Week Twelve: Unit 4, Chapter 12
Week Thirteen: Unit 4: Chapter 13
Week Fourteen: Thanksgiving
Week Fifteen: Unit 4: Chapter 13; Review for Final; Group Observation Assignment
Description of Assignments
Class Attendance and Participation: as met by CSWE EP 2.1, 2.2, 2.3, 2.9, 2.10
This course is practice related. Class will include “group discussion activities” and/or “skillbuilding exercises” as opportunities for students to share what they are learning or for practicing
the attendant skills. Because we will be sharing life experiences in class confidentiality has to be
honored.
Students are graded on the following aspects of participation: active class involvement and
discussion, demonstrating an understanding of the course materials, and evidence of having read
the readings and completed the in-chapter exercises. Class participation grade is not only
determined by the quantity of participation but also quality. Grades will be based on the
instructor’s observation of class participation.
Researched Group Role Play: as met by CSWE EP 2.1, 2.1, 2.2, 2.3, 2.4, 2.10
In addition to weekly experiential practice role plays, students will each conduct an
extensive researched group role play. Students will be formed into small groups of no more than
6 members. Each group will role play a treatment group in front of class utilizing specific
theoretical frameworks. Students will alternate in the leadership role to demonstrate their
practice behaviors. The first facilitator will orchestrate the beginning of the group;
successive facilitators will conduct program activities appropriate to the theoretical
frame and population; and the final facilitator will conduct closure activities. Each
group will reflect adherence to social work values and ethics, and application to a
specific (child, adolescent, adult, elderly or family group) population. The groups
should target a population which is diverse, at-risk, and/or disadvantaged. The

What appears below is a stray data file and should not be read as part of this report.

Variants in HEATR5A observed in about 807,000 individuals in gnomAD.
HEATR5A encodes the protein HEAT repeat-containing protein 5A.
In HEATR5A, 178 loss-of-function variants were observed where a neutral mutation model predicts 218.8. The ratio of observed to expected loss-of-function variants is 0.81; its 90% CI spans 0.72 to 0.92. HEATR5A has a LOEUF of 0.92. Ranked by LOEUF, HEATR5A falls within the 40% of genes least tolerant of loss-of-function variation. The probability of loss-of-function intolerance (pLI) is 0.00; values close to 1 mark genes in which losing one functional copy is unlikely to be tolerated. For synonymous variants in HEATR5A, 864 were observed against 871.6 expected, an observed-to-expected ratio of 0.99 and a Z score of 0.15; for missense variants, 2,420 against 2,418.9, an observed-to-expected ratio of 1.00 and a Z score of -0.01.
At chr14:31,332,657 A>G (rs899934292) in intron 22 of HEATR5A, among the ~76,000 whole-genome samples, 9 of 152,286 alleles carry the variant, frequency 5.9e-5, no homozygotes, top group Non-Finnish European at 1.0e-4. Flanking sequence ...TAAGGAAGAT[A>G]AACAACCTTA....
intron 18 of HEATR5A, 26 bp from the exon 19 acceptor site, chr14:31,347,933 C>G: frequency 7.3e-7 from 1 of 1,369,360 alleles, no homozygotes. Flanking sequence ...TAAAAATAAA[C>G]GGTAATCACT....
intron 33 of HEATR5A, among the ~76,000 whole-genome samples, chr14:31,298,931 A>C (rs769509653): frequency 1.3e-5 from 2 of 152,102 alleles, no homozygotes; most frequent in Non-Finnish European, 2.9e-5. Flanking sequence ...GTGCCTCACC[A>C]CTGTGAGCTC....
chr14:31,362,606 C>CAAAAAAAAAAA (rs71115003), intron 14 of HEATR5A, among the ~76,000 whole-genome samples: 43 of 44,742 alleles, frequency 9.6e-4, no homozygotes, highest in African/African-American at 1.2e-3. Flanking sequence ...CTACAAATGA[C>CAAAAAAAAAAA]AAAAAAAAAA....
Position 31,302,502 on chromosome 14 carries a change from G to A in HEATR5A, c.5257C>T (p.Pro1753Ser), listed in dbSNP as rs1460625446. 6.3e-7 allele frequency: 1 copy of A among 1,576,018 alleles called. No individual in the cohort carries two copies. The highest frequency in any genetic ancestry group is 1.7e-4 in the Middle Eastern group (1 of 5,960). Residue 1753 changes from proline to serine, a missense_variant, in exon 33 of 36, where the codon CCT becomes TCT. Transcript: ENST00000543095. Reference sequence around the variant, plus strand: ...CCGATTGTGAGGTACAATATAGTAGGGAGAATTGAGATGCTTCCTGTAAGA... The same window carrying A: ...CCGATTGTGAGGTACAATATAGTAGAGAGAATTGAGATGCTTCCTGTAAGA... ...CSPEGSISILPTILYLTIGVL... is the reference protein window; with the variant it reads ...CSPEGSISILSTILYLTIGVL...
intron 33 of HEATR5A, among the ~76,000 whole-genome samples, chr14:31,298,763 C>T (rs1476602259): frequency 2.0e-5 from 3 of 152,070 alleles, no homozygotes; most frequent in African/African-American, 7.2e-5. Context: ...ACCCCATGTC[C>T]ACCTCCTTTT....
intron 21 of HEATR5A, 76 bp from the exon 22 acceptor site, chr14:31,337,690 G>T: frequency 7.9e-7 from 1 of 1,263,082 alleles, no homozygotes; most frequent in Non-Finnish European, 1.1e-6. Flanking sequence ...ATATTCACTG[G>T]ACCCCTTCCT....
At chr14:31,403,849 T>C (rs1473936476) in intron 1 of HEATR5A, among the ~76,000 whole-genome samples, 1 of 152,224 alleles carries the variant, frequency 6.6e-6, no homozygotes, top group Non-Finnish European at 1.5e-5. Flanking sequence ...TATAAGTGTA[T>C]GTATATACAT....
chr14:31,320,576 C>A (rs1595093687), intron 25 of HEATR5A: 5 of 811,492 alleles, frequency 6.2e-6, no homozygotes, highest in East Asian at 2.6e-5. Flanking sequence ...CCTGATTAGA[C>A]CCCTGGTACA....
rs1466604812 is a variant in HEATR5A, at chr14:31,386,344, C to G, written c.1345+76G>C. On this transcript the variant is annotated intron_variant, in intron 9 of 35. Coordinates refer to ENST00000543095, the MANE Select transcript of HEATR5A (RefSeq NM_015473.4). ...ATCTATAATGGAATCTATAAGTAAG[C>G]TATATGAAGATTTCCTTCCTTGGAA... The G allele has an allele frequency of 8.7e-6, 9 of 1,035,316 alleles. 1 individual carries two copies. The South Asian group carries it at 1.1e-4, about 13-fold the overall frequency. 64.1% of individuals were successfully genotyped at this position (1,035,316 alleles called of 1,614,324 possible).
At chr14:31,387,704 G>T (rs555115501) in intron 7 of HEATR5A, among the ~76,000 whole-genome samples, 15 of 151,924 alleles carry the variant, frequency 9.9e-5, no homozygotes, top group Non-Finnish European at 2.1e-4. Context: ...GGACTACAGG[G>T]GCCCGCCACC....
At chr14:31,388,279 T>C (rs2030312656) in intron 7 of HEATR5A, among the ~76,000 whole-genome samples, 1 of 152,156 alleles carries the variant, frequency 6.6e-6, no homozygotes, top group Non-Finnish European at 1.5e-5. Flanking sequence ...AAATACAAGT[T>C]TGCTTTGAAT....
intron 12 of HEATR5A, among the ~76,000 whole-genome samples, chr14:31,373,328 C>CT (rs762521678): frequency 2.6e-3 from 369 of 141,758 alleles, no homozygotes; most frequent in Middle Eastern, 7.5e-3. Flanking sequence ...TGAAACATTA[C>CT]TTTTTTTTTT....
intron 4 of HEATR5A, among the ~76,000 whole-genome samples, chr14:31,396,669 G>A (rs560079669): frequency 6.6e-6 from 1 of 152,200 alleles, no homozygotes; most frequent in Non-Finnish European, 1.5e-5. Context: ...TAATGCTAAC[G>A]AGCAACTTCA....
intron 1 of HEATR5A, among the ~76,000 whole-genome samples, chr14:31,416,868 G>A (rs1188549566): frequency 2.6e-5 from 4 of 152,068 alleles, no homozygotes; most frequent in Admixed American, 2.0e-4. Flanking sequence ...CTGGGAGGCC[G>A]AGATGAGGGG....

session should demonstrate techniques appropriate to the “middle” group
developmental stage and the developmental life cycle of the treatment population.
This assignment will be worth 25% of the total course grade. Evaluation components
will include:
• Evidence of preparation and creativity
• Theoretical coherence demonstrated
• Group developmental stage (“middle”) represented appropriately
• Intervention modeling associated with “middle” stage of group development
demonstrated
• Social work perspective evident in context of role play
• Demonstration of client developmental level (life cycle) taken into account
Additionally, each group is to hand out to the class a summary (minimum of four pages) of their
role play and relevant research conducted that should include, but is not limited to:
• Type of group (brief description addressing purpose, location, number of sessions,
open-ended versus closed-ended, etc.)
• Theoretical framework(s) being implemented
• Member characteristics (general description)
• Description for each group member’s character (student’s real name with
corresponding name adopted for role play; age; ethnicity; individual goal for
group; developmental stage in the life cycle; relevant life and environmental
circumstances; role within the group, such as monopolizer, scapegoat, and so on;
etc.)
A list of references that your group used to prepare the role play so that others
interested have a starting list of resources *
Also, each member will write a two to three page paper reflecting on the group role play
experience.
Rubrics for evaluation
Researched Group Role Play a met by CSWE EP 2.1, 2.2, 2.3, 2.10
Excellent (93-100) – Student participates in the group process in the role of leader and member